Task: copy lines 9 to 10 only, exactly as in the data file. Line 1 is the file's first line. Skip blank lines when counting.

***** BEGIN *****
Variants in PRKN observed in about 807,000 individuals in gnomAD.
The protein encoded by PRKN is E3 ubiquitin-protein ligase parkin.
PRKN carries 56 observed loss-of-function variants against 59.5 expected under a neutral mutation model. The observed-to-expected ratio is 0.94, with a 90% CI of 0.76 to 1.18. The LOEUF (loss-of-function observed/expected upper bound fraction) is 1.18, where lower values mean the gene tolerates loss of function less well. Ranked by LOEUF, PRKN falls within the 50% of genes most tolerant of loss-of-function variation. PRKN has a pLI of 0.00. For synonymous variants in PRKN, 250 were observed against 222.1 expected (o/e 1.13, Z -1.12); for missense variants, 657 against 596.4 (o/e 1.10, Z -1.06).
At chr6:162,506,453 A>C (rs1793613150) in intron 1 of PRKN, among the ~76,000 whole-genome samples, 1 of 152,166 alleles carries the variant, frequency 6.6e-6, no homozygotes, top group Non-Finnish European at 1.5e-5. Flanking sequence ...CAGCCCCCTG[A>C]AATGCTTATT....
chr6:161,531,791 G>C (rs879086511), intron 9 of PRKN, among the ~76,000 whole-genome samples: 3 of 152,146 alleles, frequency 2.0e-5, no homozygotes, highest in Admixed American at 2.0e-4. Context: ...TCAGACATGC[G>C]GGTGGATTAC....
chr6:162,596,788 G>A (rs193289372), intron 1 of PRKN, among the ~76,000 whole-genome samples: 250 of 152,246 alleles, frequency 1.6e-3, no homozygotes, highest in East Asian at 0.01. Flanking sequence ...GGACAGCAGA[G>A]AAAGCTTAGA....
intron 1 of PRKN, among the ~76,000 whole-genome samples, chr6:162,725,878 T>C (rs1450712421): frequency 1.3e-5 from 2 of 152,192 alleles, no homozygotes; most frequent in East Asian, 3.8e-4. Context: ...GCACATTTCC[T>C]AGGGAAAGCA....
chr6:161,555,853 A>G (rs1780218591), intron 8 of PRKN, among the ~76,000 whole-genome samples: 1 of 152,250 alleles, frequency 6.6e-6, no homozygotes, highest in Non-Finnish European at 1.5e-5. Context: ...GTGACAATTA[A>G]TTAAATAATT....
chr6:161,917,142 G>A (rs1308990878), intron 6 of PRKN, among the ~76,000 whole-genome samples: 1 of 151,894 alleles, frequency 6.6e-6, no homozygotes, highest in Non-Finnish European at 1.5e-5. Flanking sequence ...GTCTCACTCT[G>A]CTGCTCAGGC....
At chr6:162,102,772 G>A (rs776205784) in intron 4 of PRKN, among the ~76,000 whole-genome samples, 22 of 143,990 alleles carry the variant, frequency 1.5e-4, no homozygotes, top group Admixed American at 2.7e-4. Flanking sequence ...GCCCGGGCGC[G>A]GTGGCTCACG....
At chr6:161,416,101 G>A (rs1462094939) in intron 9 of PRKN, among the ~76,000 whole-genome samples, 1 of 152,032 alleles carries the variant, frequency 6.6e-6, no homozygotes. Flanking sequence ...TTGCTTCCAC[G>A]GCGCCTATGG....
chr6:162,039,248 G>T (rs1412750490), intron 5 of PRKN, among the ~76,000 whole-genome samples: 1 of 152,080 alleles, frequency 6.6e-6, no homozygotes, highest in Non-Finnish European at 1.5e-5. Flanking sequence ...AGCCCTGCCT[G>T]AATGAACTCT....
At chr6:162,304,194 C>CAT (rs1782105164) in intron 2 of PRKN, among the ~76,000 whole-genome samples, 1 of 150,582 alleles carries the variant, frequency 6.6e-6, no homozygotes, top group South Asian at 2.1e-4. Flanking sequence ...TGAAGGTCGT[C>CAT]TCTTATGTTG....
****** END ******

chr6:161,917,142 G>A (rs1308990878), intron 6 of PRKN, among the ~76,000 whole-genome samples: 1 of 151,894 alleles, frequency 6.6e-6, no homozygotes, highest in Non-Finnish European at 1.5e-5. Flanking sequence ...GTCTCACTCT[G>A]CTGCTCAGGC....
At chr6:162,102,772 G>A (rs776205784) in intron 4 of PRKN, among the ~76,000 whole-genome samples, 22 of 143,990 alleles carry the variant, frequency 1.5e-4, no homozygotes, top group Admixed American at 2.7e-4. Flanking sequence ...GCCCGGGCGC[G>A]GTGGCTCACG....